Have you heard this saying before? It’s something that’s becoming increasingly popular as the spotlight of humanity turns a little more towards Mental Health, and quite rightly so. It’s unfortunately evermore present on the news; tales of teenagers who have barely begun to live but feel they can’t go on a minute more and the shock statistic that the biggest killer of men is suicide!
No matter what is holding you back, on any given day, I truly believe it can be helped by stopping in your tracks and listing all the things you have to be grateful for.
It’s really quite simple and actually a proven cognitive technique – the positives are threefold: stopping in your tracks is an instant way of drawing on mindfulness – you cease the worry, panic and distress for just a few moments to focus on one train of thought only and that brings you back to a place of relative calm and restores factory settings if you like.
Secondly, thinking of things you are grateful for will flush your motherboard with positive images, no doubt of faces you love and things that bring you joy – an instant hit of love!
Thirdly, the repetition of positive thoughts will act like a mantra and will reset your brain’s negativity slant allowing you to carry on and face things with a better outlook. Practising this daily will eventually re-train your subconscious!
Did you know:
It has recently been scientifically proven that consistent practice of ‘the art of gratitude’ can fundamentally change your bodies chemistry encouraging a more peaceful body and mind.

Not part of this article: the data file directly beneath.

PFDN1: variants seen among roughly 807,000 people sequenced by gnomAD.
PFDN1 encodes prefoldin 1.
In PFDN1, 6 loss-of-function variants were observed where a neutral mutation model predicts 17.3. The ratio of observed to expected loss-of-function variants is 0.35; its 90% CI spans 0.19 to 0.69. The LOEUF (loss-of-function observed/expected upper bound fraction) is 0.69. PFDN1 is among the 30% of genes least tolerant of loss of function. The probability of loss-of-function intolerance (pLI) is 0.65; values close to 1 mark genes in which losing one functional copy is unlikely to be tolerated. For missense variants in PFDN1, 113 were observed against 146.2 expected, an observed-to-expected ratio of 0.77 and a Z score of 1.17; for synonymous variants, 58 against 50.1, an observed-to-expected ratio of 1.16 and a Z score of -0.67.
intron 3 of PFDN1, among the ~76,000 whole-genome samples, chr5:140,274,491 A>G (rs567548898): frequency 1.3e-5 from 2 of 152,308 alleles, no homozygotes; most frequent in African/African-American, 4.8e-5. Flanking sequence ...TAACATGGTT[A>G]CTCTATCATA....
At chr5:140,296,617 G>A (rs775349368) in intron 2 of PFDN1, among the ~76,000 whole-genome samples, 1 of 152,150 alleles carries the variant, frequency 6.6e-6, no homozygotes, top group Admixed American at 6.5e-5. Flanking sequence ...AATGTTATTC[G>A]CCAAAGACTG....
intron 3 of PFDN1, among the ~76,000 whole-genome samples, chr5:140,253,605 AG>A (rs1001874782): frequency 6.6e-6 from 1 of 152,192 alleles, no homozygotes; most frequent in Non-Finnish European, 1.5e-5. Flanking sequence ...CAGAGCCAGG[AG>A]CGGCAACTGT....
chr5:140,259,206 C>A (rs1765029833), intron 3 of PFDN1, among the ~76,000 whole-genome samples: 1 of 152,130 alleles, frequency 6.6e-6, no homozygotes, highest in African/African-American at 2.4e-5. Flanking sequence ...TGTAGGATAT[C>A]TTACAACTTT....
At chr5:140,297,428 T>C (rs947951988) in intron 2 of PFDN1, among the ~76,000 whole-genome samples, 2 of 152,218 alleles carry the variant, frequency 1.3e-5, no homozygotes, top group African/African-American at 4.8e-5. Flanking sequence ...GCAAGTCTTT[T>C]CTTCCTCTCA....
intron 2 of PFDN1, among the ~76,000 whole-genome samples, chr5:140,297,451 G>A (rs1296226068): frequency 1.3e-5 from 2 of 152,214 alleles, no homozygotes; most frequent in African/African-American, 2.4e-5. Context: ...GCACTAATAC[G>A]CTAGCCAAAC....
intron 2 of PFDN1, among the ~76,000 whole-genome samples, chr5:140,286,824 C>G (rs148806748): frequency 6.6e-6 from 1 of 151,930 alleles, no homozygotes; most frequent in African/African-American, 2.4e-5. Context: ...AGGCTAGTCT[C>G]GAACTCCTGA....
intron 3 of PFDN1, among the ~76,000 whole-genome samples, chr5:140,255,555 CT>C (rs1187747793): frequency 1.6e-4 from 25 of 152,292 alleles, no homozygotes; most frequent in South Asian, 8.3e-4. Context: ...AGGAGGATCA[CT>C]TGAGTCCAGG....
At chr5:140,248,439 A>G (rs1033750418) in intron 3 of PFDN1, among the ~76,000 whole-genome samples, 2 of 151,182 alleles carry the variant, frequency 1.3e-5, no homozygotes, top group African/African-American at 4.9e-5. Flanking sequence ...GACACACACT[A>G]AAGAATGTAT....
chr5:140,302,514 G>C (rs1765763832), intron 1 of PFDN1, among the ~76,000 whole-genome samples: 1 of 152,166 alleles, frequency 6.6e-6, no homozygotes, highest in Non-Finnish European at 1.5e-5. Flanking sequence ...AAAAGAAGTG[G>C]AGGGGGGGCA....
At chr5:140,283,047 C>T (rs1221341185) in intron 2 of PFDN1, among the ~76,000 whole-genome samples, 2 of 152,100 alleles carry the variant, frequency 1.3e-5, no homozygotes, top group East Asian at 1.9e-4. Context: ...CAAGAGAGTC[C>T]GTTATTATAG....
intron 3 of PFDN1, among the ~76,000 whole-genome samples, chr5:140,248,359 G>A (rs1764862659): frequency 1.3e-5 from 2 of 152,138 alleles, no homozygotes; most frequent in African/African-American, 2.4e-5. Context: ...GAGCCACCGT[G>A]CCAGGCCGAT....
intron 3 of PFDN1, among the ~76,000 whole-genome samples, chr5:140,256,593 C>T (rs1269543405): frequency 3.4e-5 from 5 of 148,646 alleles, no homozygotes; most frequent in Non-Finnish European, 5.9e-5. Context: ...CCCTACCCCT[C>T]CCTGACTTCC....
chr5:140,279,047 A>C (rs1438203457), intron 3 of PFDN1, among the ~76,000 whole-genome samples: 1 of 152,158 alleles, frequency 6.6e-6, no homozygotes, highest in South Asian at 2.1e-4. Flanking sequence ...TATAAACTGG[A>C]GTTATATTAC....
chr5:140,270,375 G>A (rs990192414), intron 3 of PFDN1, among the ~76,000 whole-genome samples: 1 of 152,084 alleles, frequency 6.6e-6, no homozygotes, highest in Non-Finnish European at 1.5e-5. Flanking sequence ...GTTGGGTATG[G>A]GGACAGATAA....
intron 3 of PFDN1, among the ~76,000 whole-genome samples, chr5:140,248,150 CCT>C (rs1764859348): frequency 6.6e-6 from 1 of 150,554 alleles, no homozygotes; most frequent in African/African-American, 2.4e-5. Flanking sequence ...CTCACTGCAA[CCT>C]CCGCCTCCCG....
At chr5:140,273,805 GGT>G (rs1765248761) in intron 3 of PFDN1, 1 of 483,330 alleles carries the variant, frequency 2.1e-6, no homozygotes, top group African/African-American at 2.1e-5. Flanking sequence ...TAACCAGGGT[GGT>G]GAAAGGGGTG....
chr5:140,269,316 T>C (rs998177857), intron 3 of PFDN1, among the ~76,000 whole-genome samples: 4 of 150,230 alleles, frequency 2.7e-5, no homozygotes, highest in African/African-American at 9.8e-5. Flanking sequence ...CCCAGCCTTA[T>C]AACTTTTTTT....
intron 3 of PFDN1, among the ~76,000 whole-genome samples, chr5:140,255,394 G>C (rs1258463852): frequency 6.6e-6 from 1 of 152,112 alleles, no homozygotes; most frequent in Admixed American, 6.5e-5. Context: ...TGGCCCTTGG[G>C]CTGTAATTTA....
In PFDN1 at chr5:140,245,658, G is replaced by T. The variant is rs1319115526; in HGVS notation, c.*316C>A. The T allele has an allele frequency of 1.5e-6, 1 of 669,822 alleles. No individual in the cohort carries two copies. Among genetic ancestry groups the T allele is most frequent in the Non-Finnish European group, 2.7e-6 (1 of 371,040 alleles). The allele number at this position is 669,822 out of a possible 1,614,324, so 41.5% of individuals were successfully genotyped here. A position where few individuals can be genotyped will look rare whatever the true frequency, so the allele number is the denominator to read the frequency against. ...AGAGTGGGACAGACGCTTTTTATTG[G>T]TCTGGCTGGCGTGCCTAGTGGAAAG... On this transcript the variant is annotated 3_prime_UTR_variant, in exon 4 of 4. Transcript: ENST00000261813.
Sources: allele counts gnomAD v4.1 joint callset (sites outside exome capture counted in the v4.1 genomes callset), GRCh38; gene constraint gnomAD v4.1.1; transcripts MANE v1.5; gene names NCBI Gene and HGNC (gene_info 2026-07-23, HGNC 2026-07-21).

According to an article published by Psychology Today a recent study found that subjects who showed more gratitude overall had higher levels of activity in the hypothalamus.
“This is important because the hypothalamus controls a huge array of essential bodily functions, including eating, drinking and sleeping. It also has a huge influence on your metabolism and stress levels. From this evidence on brain activity it starts to become clear how improvements in gratitude could have such wide-ranging effects from increased exercise, and improved sleep to decreased depression and fewer aches and pains.”
Furthermore, separate tests showed that feelings of gratitude directly activated brain regions associated with the neurotransmitter dopamine.
“Dopamine feels good to get, which is why it’s generally considered the “reward” neurotransmitter. But dopamine is also almost important in initiating action. That means increases in dopamine make you more likely to do the thing you just did. It’s the brain saying, ‘Oh, do that again.'”
Like anything new, practising gratitude takes time and some days are harder than others. Find your way – for some keeping a gratitude jar or diary is the best and for others, myself included, its enough to just repeat over and over during quiet times or times of need how much I am grateful for everything around me and then further out into the big stuff like my husband, my beautiful kids and my health.
Start small with what you see…Right now I am grateful for my great Mac computer, my new faster internet which allows me to get this article to you and of course to you for reading it. I am also grateful for the fact that you are going to share it with your friends. Ha!